“Oh, no, I'll buy something for the party. You don't want me to poison anyone, do you?”
“I don't know how to cook.”
“Where do you want to go eat?”
These are the things I said over and over for the first 33 years of my life. Truth be told, I was afraid to cook. I was afraid it wouldn't be good. I was afraid that what I made wouldn't look, smell, or taste like it was supposed to.
My paternal grandma is an amazing cook. She has a very old propane stove she has to light with a match – the same one she has had my whole life and longer. She doesn't have any fancy gadgets or machines to make it easy. She does it the same way she has done since the 1930s – by hand and from scratch. She makes everything by hand. Donuts, jelly, bread, (the world's best) macaroni and cheese, everything. Watching her when I was little, she made it look so easy, but also, there were a lot of steps involved. And a lot of work.
It is kind of intimidating to watch. To hear her tell it, it's as easy as breathing. But this is also the same woman who sits down with a pen and crossword puzzle for twenty minutes, maybe a half hour, and when she stands up, every space on it is filled with the proper letter. (I sent her the first crossword I ever completed on my own, at the age of 24.)
So easy? As easy as breathing? I think I need a second opinion...
My mom is a good cook. Mostly, my grandma taught her. When my dad was in the military, she lived with them. She makes a lot of the same stuff. Just not so much from scratch, and with the gadgets and machines. She does do a bang up job on the macaroni and cheese.
So, what of me? I have never had much interest. I am more of an outside child. I wanted out. I didn't want to be inside in the kitchen on a nice day, I wanted to be outside running, playing, climbing trees. If it was cold, I wanted to be inside, reading a book or imagining up my next story. I didn't want anything to do with anything domestic.
|My first meal.|
In the months leading up to this move, I researched everything about cooking. I bought all kinds of gadgets and machines. I bought basic necessities. In the midst of all this, I kept wondering if I was just wasting my money.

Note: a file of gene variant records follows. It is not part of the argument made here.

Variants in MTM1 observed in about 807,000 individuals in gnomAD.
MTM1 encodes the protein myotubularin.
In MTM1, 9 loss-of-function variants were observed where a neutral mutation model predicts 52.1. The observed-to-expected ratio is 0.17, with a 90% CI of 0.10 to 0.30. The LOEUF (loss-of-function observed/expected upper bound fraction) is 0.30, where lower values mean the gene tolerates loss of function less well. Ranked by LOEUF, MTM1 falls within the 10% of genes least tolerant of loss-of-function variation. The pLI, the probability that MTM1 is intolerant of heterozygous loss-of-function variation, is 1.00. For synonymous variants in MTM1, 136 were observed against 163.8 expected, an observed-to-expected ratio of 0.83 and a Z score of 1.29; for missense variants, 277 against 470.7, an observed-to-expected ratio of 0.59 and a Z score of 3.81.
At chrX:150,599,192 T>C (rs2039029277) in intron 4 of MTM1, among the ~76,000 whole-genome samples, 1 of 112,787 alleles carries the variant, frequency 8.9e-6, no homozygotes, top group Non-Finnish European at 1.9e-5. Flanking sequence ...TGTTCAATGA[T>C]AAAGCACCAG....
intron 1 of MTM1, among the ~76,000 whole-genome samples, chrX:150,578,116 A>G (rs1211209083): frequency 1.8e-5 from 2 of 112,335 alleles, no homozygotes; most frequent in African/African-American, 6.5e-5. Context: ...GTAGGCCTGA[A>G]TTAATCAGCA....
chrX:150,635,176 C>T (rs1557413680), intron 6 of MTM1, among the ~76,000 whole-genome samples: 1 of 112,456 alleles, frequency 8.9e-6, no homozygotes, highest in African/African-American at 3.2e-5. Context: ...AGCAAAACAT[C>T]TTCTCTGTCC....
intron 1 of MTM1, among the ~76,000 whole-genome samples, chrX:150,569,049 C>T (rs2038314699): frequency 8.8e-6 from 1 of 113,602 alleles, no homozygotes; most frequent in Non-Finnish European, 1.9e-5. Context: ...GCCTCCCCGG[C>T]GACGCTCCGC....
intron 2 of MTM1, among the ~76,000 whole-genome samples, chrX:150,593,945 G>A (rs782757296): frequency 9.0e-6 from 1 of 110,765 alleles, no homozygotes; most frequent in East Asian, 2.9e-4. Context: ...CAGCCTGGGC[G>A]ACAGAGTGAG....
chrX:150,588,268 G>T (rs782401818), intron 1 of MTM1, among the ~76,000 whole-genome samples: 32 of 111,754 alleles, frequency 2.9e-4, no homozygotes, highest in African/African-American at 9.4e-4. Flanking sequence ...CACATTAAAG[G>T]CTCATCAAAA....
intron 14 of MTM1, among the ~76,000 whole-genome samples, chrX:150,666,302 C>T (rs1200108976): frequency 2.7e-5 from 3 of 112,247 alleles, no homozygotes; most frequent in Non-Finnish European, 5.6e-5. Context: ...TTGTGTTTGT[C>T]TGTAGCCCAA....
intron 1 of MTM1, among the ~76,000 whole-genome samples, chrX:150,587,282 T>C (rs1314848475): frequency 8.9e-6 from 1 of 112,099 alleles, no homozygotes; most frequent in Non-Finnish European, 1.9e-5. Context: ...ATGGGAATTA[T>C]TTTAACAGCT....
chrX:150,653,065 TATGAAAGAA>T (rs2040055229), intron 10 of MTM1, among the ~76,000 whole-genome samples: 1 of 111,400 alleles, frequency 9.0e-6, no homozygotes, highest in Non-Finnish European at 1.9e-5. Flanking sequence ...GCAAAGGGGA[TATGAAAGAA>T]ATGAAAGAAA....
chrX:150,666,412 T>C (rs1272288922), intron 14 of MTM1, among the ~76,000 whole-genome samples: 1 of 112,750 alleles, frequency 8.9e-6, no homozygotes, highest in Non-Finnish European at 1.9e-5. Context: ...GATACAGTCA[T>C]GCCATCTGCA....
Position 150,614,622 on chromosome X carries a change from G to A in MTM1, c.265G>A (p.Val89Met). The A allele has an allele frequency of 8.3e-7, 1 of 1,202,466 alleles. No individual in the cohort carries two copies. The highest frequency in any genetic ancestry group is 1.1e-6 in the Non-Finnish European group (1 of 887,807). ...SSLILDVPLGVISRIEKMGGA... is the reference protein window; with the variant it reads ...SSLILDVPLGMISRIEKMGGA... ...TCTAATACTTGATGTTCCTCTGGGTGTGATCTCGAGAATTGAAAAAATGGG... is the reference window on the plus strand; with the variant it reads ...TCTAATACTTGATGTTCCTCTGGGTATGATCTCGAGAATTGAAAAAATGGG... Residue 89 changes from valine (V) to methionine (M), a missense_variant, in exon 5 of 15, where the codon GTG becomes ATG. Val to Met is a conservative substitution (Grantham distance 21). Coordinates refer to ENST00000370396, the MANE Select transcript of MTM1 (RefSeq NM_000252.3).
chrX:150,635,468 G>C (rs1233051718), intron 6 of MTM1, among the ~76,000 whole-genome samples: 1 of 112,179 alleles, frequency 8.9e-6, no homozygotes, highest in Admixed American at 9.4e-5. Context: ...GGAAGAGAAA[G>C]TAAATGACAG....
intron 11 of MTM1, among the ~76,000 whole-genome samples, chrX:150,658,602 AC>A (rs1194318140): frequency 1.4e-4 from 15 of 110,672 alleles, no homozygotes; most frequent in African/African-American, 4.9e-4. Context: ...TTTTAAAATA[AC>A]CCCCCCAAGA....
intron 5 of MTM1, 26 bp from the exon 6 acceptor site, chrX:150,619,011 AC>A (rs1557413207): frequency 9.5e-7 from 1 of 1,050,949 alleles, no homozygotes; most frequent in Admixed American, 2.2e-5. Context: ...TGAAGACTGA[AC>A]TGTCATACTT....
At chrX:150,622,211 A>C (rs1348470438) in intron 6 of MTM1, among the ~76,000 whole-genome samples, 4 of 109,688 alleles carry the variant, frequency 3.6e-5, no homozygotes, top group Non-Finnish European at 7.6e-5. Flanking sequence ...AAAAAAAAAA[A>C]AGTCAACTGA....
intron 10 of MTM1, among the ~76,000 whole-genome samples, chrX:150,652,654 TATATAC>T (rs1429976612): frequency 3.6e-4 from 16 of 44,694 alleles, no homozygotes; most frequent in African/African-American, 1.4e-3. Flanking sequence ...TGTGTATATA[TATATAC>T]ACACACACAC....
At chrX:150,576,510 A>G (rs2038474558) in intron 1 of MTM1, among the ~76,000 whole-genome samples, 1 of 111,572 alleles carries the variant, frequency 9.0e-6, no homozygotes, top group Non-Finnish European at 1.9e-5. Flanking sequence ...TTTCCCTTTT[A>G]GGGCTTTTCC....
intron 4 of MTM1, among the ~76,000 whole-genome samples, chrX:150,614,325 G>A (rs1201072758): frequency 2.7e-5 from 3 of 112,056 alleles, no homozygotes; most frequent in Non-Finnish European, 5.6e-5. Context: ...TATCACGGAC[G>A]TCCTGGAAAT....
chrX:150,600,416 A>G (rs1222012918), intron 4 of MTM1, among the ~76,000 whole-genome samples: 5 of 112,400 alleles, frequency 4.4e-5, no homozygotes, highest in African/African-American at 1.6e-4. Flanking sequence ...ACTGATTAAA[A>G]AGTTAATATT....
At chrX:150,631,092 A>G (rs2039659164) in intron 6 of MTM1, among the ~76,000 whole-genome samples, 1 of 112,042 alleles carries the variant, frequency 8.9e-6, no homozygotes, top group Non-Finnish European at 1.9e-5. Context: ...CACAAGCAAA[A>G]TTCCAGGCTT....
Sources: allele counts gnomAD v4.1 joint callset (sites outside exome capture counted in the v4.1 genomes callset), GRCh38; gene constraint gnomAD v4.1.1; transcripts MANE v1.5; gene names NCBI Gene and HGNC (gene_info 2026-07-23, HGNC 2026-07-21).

Here's the thing. I was scared. SCARED. I had no clue what I was doing. I had no clue if I could do this. My go-to emotions are fear and self-doubt. And, I’m bad at math. All the measuring and dividing (when you cut recipes) terrified me. Oh, and I am not patient. Not at all.
But I forged on.
Going to the grocery store was a whole other adventure. I didn't know where anything was, beyond the cereal isle. I felt lost and confused every time I had to buy something new. I felt silly looking at the varieties of items with a blank stare on my face. I would spend at least an hour in the store every single time. This was not easy.
I wanted to cook smart, healthy, and cost-effective. It is hard to stay cost-effective when you don't have any basic ingredients. It seemed every recipe cost over $50 at the beginning. I didn't have flour. I didn't have sugar. I didn't have the proper kind of milk. I didn't have...
I didn't have anything to store this in. I didn't have Tupperware. I didn't know where to get Tupperware. I knew about Tupperware because my mom has it. I wanted the Tupperware she has. That is what I am familiar with. That is what I am comfortable with. Problem: her Tupperware is as old as I am.
As far as the food goes, it is coming along. I am learning. Everything I have made up to this point has been good, with the one exception – asparagus soup. I just think I don't know enough about spices yet.
I try very hard to stay away from boxes. I want my food to be as whole as possible. Healthy was one of my goals. And, besides, my grandma doesn't use boxes. Even the sweet stuff, like brownies, don't come from boxes. All homemade so far.
There is a difference in the way my grandma and I cook. I have the gadgets. I have the machines. She, on the other hand, has her history and her knowledge. I call her from time to time and update her about what I am cooking. She shares stories and recipes with me. We have a bond now that we didn't have before. My one regret: not having her teach me when we lived near each other.
The fear is gone. I get a butterfly or two when I start a new recipe, but it is not overwhelming, and I have the faith that it can be done if I do what I am supposed to do. I have found that I truly love to cook. There is something amazing about homemade food. Maybe it is the lack of processing. Maybe it is the freshness. But maybe, just maybe it's the love. I think it is all three.